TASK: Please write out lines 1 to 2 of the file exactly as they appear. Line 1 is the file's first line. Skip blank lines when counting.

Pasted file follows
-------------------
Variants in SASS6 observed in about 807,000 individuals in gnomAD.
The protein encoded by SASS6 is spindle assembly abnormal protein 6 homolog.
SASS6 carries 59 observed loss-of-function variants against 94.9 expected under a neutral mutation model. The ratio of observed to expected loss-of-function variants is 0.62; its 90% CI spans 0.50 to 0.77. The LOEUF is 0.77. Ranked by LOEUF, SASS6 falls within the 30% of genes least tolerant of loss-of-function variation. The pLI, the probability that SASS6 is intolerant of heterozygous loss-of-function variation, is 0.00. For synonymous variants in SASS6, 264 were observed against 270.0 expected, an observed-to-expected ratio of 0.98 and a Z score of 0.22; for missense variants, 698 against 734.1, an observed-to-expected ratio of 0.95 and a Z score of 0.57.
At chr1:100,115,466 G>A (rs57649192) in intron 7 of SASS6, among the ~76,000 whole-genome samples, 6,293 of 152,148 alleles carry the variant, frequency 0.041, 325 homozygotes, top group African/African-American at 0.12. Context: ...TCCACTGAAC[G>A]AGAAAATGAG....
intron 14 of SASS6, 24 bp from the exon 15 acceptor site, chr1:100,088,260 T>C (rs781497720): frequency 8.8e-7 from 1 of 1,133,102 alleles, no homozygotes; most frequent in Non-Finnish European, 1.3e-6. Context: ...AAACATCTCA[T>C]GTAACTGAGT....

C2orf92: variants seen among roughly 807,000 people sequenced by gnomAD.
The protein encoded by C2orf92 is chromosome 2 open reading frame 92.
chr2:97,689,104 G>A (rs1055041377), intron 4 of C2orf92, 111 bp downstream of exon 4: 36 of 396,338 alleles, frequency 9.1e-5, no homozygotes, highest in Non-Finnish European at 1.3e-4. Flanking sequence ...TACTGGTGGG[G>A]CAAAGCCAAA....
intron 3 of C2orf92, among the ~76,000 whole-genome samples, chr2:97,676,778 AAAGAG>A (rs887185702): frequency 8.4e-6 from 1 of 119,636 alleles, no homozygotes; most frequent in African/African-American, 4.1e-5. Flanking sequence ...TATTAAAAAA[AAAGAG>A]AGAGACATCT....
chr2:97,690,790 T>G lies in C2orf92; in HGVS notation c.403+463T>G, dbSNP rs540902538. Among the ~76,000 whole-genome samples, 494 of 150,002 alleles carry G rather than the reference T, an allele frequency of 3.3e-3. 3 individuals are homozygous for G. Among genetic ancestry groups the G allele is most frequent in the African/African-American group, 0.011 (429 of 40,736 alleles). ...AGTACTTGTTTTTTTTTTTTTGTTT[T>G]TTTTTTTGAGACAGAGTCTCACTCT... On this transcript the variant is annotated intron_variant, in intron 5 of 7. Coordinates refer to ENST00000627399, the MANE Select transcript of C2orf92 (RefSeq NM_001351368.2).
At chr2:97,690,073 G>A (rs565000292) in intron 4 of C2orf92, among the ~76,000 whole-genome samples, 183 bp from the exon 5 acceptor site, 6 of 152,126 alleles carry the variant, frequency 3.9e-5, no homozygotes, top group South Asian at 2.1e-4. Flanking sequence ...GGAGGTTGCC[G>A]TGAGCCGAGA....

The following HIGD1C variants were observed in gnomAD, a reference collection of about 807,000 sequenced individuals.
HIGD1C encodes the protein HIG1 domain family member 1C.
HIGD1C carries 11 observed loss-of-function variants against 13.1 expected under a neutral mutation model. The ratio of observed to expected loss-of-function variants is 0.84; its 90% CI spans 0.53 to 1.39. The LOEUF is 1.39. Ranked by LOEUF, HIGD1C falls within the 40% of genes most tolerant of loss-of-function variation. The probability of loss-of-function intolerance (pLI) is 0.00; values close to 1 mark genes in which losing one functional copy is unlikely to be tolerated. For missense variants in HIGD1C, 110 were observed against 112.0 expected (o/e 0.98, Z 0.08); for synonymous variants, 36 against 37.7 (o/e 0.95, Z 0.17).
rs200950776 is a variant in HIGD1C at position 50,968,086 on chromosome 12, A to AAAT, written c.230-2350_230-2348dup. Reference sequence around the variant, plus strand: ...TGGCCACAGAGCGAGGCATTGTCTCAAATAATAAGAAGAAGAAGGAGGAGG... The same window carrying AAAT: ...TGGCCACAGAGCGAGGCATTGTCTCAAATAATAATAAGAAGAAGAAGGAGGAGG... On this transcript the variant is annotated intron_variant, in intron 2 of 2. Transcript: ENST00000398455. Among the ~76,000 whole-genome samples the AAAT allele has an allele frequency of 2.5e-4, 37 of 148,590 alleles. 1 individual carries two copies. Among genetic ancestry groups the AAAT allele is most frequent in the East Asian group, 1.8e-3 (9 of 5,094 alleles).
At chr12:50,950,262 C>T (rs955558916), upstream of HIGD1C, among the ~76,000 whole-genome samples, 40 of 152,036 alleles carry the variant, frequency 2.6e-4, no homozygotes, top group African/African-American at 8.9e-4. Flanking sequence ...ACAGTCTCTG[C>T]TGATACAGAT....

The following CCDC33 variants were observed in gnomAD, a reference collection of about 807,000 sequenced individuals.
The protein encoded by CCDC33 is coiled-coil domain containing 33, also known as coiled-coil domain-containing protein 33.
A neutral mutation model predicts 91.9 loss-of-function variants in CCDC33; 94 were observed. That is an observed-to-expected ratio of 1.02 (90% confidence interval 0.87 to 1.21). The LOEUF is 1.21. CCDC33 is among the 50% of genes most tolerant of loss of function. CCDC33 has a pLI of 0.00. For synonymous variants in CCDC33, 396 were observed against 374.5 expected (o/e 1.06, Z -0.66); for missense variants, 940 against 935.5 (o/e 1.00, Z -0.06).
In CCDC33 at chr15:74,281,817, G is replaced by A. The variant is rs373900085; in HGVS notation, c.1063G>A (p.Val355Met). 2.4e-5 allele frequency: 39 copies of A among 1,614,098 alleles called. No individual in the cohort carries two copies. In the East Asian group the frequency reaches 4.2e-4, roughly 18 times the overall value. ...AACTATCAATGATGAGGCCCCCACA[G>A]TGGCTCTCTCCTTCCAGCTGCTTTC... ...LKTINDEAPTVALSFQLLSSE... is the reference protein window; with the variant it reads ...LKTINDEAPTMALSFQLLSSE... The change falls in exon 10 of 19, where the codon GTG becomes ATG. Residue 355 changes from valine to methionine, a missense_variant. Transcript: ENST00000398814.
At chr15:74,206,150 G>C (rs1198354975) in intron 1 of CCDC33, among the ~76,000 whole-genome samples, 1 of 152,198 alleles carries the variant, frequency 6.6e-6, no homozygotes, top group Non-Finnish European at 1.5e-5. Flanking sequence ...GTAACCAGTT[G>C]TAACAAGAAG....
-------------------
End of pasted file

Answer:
Variants in SASS6 observed in about 807,000 individuals in gnomAD.
The protein encoded by SASS6 is spindle assembly abnormal protein 6 homolog.